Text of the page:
SS: What inspired you to switch from studying mathematics and computer science as an undergrad to pursuing a Ph.D. in economics?
FN: My favorite part of studying mathematics was using it to solve real world problems. After discovering that graduate mathematics was largely proof-based and highly abstract, I knew it was not the right fit for me. In college, I minored in economics, and I had seen first-hand how math can be applied in the field. At the time, the economy had fallen into a recession and oil prices were sky high. Unemployment was at the highest rate in decades. I wanted to better understand why this had happened and how we could use economics to prevent it from happening again.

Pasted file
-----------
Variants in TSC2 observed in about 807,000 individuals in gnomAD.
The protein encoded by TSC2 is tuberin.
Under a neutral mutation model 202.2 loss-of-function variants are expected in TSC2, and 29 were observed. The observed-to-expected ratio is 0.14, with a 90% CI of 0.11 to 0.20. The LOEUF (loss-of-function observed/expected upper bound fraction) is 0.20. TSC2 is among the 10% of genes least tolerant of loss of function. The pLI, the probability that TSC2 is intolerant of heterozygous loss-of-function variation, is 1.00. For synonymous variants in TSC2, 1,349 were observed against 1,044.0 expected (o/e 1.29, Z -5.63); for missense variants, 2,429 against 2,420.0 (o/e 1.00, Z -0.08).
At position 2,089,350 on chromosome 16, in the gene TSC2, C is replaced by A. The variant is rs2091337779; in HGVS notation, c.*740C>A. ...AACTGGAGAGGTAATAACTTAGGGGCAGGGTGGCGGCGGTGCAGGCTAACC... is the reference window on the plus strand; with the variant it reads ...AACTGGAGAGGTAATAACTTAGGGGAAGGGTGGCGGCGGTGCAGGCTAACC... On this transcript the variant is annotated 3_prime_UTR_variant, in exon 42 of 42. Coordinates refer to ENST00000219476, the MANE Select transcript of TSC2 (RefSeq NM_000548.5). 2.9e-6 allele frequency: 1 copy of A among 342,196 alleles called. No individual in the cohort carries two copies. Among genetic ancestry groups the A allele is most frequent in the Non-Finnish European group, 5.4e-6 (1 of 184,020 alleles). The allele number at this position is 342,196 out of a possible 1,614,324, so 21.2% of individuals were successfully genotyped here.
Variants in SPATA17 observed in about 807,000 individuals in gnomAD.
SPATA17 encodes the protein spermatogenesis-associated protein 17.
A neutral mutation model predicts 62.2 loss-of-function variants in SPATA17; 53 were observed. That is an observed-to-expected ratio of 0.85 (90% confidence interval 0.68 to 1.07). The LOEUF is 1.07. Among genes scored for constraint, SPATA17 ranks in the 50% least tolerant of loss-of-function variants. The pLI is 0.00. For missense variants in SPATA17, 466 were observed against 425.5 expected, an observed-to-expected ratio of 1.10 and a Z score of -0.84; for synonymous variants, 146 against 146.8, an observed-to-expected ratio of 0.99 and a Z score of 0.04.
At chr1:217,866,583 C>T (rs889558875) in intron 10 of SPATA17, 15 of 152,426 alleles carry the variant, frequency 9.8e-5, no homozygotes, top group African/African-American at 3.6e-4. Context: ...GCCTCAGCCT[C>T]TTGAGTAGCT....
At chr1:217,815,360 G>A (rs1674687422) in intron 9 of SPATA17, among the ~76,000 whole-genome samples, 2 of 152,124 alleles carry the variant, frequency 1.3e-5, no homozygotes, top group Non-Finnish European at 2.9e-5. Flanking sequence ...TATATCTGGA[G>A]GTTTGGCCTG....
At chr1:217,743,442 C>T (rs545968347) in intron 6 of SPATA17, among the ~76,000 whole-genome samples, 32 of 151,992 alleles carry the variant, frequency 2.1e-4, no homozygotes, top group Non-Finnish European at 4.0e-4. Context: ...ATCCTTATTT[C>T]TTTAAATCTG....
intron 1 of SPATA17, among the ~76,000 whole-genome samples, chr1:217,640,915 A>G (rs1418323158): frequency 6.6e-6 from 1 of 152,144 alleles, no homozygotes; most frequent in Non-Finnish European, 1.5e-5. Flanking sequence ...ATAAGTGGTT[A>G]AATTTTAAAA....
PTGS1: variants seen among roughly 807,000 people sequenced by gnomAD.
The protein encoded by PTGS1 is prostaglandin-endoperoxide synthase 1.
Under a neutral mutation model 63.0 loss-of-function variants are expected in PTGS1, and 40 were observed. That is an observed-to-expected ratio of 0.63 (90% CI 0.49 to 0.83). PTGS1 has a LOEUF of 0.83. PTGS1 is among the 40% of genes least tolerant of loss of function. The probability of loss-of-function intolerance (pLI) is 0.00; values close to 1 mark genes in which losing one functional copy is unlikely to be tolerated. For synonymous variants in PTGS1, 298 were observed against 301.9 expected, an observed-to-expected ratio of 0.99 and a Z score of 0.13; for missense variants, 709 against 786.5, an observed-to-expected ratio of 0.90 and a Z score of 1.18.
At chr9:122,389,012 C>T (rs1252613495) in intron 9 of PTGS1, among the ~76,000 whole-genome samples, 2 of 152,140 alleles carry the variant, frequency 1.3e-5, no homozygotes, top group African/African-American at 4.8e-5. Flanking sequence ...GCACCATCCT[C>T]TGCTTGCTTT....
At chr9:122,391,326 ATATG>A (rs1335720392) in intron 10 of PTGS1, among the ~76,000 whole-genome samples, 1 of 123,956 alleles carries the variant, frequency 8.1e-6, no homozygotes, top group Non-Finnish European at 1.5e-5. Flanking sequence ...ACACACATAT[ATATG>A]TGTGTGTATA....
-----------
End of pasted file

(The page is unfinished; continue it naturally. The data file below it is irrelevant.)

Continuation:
SS: What was your area of focus in graduate school? And why was that a topic of interest to you?
FN: My graduate thesis examined the effects of cohort size on earnings and employment. At the time, there was an influx of baby boomers — just young workers then — entering the workforce. I wanted to first understand how this influx of younger workers was going to affect wages and earnings growth, and then compare and contrast the findings with the experience of a smaller cohort.
SS: Where did you go after completing graduate school?